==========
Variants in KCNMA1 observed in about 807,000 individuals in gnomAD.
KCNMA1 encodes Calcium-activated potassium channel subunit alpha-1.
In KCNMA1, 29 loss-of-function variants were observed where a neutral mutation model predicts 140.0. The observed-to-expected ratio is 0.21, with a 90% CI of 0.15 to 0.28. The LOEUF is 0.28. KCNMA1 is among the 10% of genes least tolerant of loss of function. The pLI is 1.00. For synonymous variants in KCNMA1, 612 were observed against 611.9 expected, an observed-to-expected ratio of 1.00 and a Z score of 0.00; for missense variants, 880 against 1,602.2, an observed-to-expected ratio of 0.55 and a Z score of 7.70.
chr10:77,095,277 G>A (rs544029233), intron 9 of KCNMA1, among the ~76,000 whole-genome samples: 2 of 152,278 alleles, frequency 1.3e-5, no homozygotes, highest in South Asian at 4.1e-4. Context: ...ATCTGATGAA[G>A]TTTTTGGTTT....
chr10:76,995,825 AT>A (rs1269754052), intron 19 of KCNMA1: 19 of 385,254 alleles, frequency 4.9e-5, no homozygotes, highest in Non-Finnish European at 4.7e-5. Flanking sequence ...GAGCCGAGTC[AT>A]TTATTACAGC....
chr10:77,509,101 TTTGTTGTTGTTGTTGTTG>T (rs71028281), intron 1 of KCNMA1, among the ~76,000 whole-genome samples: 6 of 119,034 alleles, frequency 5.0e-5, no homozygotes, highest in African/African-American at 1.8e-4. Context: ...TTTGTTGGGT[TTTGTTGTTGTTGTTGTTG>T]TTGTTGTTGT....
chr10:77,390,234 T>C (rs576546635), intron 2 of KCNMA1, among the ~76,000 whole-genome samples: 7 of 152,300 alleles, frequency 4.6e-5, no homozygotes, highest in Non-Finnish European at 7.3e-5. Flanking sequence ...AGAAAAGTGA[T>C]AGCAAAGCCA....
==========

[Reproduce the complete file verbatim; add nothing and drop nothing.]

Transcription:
Variants in KCNMA1 observed in about 807,000 individuals in gnomAD.
KCNMA1 encodes Calcium-activated potassium channel subunit alpha-1.
In KCNMA1, 29 loss-of-function variants were observed where a neutral mutation model predicts 140.0. The observed-to-expected ratio is 0.21, with a 90% CI of 0.15 to 0.28. The LOEUF is 0.28. KCNMA1 is among the 10% of genes least tolerant of loss of function. The pLI is 1.00. For synonymous variants in KCNMA1, 612 were observed against 611.9 expected, an observed-to-expected ratio of 1.00 and a Z score of 0.00; for missense variants, 880 against 1,602.2, an observed-to-expected ratio of 0.55 and a Z score of 7.70.
chr10:77,095,277 G>A (rs544029233), intron 9 of KCNMA1, among the ~76,000 whole-genome samples: 2 of 152,278 alleles, frequency 1.3e-5, no homozygotes, highest in South Asian at 4.1e-4. Context: ...ATCTGATGAA[G>A]TTTTTGGTTT....
chr10:76,995,825 AT>A (rs1269754052), intron 19 of KCNMA1: 19 of 385,254 alleles, frequency 4.9e-5, no homozygotes, highest in Non-Finnish European at 4.7e-5. Flanking sequence ...GAGCCGAGTC[AT>A]TTATTACAGC....
chr10:77,509,101 TTTGTTGTTGTTGTTGTTG>T (rs71028281), intron 1 of KCNMA1, among the ~76,000 whole-genome samples: 6 of 119,034 alleles, frequency 5.0e-5, no homozygotes, highest in African/African-American at 1.8e-4. Context: ...TTTGTTGGGT[TTTGTTGTTGTTGTTGTTG>T]TTGTTGTTGT....
chr10:77,390,234 T>C (rs576546635), intron 2 of KCNMA1, among the ~76,000 whole-genome samples: 7 of 152,300 alleles, frequency 4.6e-5, no homozygotes, highest in Non-Finnish European at 7.3e-5. Flanking sequence ...AGAAAAGTGA[T>C]AGCAAAGCCA....